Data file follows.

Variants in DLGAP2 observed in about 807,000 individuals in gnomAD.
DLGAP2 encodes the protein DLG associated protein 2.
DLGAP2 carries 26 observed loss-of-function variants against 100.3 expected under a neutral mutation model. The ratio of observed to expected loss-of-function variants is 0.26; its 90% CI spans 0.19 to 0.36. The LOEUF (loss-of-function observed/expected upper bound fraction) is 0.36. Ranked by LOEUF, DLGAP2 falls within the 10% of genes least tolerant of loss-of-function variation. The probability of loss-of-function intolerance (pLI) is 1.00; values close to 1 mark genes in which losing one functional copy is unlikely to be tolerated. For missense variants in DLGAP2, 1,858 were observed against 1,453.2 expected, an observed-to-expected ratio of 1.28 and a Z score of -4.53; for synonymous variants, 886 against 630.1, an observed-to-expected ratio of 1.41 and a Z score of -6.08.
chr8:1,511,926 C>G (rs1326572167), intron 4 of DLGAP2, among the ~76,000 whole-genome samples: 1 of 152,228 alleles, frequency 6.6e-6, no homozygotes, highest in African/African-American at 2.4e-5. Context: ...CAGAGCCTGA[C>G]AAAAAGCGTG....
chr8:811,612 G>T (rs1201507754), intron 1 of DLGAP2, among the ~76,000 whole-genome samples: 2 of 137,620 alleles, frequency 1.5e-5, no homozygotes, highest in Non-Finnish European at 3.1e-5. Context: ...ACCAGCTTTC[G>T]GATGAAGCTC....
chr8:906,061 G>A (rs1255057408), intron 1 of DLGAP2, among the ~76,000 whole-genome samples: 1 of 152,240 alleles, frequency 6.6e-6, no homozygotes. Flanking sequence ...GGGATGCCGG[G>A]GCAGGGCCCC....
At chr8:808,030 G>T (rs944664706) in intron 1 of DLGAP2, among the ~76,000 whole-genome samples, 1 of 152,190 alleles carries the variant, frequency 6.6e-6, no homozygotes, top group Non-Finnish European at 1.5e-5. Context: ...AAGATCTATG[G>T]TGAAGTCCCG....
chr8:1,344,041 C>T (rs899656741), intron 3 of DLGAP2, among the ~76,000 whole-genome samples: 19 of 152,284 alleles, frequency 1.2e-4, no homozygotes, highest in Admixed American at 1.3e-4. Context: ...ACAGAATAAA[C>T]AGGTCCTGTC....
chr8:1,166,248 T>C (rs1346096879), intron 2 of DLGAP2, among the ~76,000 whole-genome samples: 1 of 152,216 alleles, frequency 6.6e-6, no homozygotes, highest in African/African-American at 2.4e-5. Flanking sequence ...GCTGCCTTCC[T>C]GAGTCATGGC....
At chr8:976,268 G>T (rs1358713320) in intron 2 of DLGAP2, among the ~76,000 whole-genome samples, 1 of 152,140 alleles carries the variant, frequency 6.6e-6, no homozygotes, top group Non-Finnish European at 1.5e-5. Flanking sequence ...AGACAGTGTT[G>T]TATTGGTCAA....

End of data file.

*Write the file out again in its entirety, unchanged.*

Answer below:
Variants in DLGAP2 observed in about 807,000 individuals in gnomAD.
DLGAP2 encodes the protein DLG associated protein 2.
DLGAP2 carries 26 observed loss-of-function variants against 100.3 expected under a neutral mutation model. The ratio of observed to expected loss-of-function variants is 0.26; its 90% CI spans 0.19 to 0.36. The LOEUF (loss-of-function observed/expected upper bound fraction) is 0.36. Ranked by LOEUF, DLGAP2 falls within the 10% of genes least tolerant of loss-of-function variation. The probability of loss-of-function intolerance (pLI) is 1.00; values close to 1 mark genes in which losing one functional copy is unlikely to be tolerated. For missense variants in DLGAP2, 1,858 were observed against 1,453.2 expected, an observed-to-expected ratio of 1.28 and a Z score of -4.53; for synonymous variants, 886 against 630.1, an observed-to-expected ratio of 1.41 and a Z score of -6.08.
chr8:1,511,926 C>G (rs1326572167), intron 4 of DLGAP2, among the ~76,000 whole-genome samples: 1 of 152,228 alleles, frequency 6.6e-6, no homozygotes, highest in African/African-American at 2.4e-5. Context: ...CAGAGCCTGA[C>G]AAAAAGCGTG....
chr8:811,612 G>T (rs1201507754), intron 1 of DLGAP2, among the ~76,000 whole-genome samples: 2 of 137,620 alleles, frequency 1.5e-5, no homozygotes, highest in Non-Finnish European at 3.1e-5. Context: ...ACCAGCTTTC[G>T]GATGAAGCTC....
chr8:906,061 G>A (rs1255057408), intron 1 of DLGAP2, among the ~76,000 whole-genome samples: 1 of 152,240 alleles, frequency 6.6e-6, no homozygotes. Flanking sequence ...GGGATGCCGG[G>A]GCAGGGCCCC....
At chr8:808,030 G>T (rs944664706) in intron 1 of DLGAP2, among the ~76,000 whole-genome samples, 1 of 152,190 alleles carries the variant, frequency 6.6e-6, no homozygotes, top group Non-Finnish European at 1.5e-5. Context: ...AAGATCTATG[G>T]TGAAGTCCCG....
chr8:1,344,041 C>T (rs899656741), intron 3 of DLGAP2, among the ~76,000 whole-genome samples: 19 of 152,284 alleles, frequency 1.2e-4, no homozygotes, highest in Admixed American at 1.3e-4. Context: ...ACAGAATAAA[C>T]AGGTCCTGTC....
chr8:1,166,248 T>C (rs1346096879), intron 2 of DLGAP2, among the ~76,000 whole-genome samples: 1 of 152,216 alleles, frequency 6.6e-6, no homozygotes, highest in African/African-American at 2.4e-5. Flanking sequence ...GCTGCCTTCC[T>C]GAGTCATGGC....
At chr8:976,268 G>T (rs1358713320) in intron 2 of DLGAP2, among the ~76,000 whole-genome samples, 1 of 152,140 alleles carries the variant, frequency 6.6e-6, no homozygotes, top group Non-Finnish European at 1.5e-5. Flanking sequence ...AGACAGTGTT[G>T]TATTGGTCAA....